Last Monday, the United States honored the life and legacy of Dr. Martin Luther King and some members of the LexBlog community took the opportunity to write blog posts to reflect this. Others have spent this week covering the steady stream of legal battles over vaccination warrants, the importance of wildfire insurance and much more. Take a look at some of the LexBlog publishing team’s favorite articles from the past week.
How about passing the EQUAL Act so that we can be “finally free” from the disparity in penalties between crack and powder?
Professor of criminal law and sentencing Douglas Berman took the time to write this article which he published on Martin Luther King Jr. Day. In it, he advocates for the passage of the EQUAL Act which seeks to address the current sentencing disparity between crack and powder cocaine, which resulted in disproportionately harsh sentences for black Americans. Despite bipartisan support, this bill has received relatively little media coverage and the Senate has yet to vote on it. I really appreciated Berman who shed light on this legislation and all the excellent links he provided to conclude his article. Available at Sentencing law and policy.
Celebrating World Data Privacy Day in 2022 (and how you can make it a year of data privacy)
Is 2022 the year of data privacy? That’s what Jodi Daniels offers in this blog post and makes a compelling case for it. She explains why companies should make data privacy a priority in the new year and what steps they can take to make it happen. Daniels combines a user-friendly writing style with great formatting and the result is a scannable, informative, and entertaining blog post. As a consumer, I am increasingly concerned about my personal data. However, if companies heed Daniels’ words, they will put themselves in a much better position with consumers like me. Available at Red Clover Advisor Blog.
Louisiana Supreme Court Upholds Vaccination Mandate for Private Employers
Stephen McConnell does a great job of covering important legal decisions from across the country in clear and plain language. This post is no exception. While many have focused on U.S. Supreme Court rulings on vaccination mandates, a separate but related state-level legal battle also saw a major ruling last week. The Louisiana Supreme Court upheld the right of private employers to impose vaccination mandates. McConnell masterfully explains the decision, how it got to the state Supreme Court, and its implications in less than 450 words. Being able to pack so much information into so few words is the hallmark of a great legal blogger. Available from Reed Smith Drugs and Devices Act.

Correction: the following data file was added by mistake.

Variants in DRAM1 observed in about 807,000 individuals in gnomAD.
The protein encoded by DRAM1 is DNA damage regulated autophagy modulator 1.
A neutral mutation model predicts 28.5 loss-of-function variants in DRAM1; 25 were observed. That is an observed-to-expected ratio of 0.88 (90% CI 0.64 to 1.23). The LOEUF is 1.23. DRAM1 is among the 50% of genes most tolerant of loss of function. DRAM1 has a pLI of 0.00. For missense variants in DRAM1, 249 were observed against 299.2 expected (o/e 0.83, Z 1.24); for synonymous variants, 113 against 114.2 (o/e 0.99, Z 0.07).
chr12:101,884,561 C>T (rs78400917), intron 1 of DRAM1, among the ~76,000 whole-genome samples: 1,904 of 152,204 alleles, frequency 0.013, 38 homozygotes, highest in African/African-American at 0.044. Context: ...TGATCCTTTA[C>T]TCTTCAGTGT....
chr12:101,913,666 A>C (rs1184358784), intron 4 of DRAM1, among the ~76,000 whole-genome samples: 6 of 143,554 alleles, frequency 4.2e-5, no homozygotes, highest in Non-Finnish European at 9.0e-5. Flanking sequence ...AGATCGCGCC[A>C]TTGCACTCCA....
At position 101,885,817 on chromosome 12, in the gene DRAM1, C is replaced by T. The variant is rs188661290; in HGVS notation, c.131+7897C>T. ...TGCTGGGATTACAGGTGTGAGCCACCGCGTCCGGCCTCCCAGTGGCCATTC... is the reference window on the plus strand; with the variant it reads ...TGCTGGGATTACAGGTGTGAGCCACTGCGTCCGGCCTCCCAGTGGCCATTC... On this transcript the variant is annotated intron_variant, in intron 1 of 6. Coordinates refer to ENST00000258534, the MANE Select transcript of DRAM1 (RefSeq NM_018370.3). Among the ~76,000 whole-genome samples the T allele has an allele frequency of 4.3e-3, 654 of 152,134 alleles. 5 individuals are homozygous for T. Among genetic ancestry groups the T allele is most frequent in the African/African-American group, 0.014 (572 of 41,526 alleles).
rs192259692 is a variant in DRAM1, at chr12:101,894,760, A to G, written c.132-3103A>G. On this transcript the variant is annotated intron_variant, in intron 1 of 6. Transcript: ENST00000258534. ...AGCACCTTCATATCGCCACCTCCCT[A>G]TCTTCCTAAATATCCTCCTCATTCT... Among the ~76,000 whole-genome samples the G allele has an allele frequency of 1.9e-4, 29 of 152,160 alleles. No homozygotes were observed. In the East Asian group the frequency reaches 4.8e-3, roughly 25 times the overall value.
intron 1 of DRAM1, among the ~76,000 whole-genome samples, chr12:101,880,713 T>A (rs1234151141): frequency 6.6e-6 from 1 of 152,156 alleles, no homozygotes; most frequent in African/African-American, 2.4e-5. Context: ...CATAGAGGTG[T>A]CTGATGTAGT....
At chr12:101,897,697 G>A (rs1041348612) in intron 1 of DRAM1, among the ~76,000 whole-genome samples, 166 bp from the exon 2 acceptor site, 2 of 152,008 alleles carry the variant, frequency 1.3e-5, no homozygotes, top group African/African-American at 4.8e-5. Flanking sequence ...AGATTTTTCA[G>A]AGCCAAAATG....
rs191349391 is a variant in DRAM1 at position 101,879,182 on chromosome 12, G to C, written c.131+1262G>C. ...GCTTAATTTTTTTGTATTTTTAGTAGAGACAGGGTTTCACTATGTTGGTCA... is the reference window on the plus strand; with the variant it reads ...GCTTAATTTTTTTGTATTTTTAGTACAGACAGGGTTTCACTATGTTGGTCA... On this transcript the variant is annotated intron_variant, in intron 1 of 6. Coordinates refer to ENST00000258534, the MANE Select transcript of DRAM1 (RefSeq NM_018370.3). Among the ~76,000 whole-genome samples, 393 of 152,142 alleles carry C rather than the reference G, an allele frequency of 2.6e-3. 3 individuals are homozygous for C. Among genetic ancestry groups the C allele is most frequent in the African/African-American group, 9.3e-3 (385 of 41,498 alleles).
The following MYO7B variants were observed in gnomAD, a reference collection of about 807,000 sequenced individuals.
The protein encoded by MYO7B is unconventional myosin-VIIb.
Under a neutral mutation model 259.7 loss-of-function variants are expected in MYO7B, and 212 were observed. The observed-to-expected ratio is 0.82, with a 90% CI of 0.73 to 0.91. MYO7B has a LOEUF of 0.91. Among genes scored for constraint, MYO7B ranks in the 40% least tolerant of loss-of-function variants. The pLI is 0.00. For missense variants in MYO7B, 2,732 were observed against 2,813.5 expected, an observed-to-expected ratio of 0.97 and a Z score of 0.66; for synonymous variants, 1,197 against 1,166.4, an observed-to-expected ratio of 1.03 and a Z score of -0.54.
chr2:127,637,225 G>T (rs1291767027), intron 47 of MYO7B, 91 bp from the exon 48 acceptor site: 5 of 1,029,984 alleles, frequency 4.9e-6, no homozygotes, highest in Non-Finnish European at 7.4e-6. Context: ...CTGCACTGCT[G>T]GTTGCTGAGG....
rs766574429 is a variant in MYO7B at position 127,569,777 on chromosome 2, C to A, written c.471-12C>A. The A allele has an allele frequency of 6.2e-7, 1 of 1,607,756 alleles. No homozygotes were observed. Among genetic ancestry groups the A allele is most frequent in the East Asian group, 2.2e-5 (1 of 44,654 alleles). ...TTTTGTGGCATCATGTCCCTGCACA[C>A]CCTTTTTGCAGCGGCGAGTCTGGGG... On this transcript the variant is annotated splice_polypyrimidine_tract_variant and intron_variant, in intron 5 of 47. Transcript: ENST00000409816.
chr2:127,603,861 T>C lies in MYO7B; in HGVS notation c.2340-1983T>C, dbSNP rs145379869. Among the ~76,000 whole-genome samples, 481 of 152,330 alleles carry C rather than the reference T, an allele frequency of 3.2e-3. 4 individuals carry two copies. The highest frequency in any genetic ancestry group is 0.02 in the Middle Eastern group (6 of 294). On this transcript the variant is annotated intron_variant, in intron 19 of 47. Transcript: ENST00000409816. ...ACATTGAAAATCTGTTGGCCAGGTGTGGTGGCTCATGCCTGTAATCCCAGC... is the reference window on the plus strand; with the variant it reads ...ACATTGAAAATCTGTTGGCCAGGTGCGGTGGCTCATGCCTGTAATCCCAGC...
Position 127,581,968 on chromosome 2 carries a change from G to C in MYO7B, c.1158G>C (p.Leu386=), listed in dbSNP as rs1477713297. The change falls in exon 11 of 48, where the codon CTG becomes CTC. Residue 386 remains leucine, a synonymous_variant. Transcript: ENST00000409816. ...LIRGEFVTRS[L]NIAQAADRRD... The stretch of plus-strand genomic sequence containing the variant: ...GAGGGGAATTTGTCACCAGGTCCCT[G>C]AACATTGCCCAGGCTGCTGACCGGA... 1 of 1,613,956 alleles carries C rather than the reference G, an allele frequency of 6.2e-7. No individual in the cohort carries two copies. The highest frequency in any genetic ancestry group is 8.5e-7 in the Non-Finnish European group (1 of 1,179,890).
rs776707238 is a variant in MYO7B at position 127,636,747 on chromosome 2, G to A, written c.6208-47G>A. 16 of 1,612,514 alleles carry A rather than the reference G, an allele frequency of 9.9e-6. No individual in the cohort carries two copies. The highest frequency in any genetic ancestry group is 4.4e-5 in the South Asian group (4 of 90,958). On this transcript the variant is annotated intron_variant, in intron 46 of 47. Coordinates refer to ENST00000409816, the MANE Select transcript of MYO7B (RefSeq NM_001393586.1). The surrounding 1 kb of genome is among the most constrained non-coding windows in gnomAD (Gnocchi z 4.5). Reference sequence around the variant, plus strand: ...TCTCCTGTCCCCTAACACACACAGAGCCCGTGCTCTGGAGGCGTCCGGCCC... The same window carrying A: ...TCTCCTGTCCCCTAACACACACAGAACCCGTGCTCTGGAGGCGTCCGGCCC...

An international drama about the right of Maradona’s heir to use his father’s name
This is an interesting case, well explained by Squire Patton Bogg’s Rafael Langer-Osuna. Just looking at the title, it seems to me, as I don’t know much about trademarks, that it would be silly if Maradona’s heirs couldn’t use their father’s name. But, after reading Langer-Osuna’s insightful post, he revealed the complexity of these kinds of lawsuits and how you can and can’t use names that are trademarked. A really interesting case and as I said it was very well written and in an understandable way. Available from Squire Patton Bogg Global Blog on Intellectual Property and Technology Law.
The wildfire underinsurance gap
Join the conversation, blogging is about listening. Sometimes it’s easier said than done, but Merlin chip shows how to do just that in this piece. When it comes to the abundance of wildfires and insurance claims in Colorado, Merlin cites other bloggers and adds his own insights to theirs. If you don’t know how to quote someone else in a blog post, look no further than this article. He attracts a few reputable voices and his points stand firmly next to theirs. This is a great example of how to build relationships and network through blogging, but most importantly, create an understandable and consumable blog post. Available from Merlin Law Group Property Insurance Coverage Law Blog.
Home COVID-19 Testing Options and Alternatives
In light of the Biden administration making home testing more accessible, Brian Johnson created a very useful article on the subject. The two big changes — households being able to request four free at-home tests and home tests available for free without a prescription under an employer’s group health plan — have their own implications. Johnston outlines the most important points to remember and how they apply to employers and employees. It is a very digestible, relevant and extremely timely piece. Available at Jackson Lewis COVID-19 Labor Law Advisor.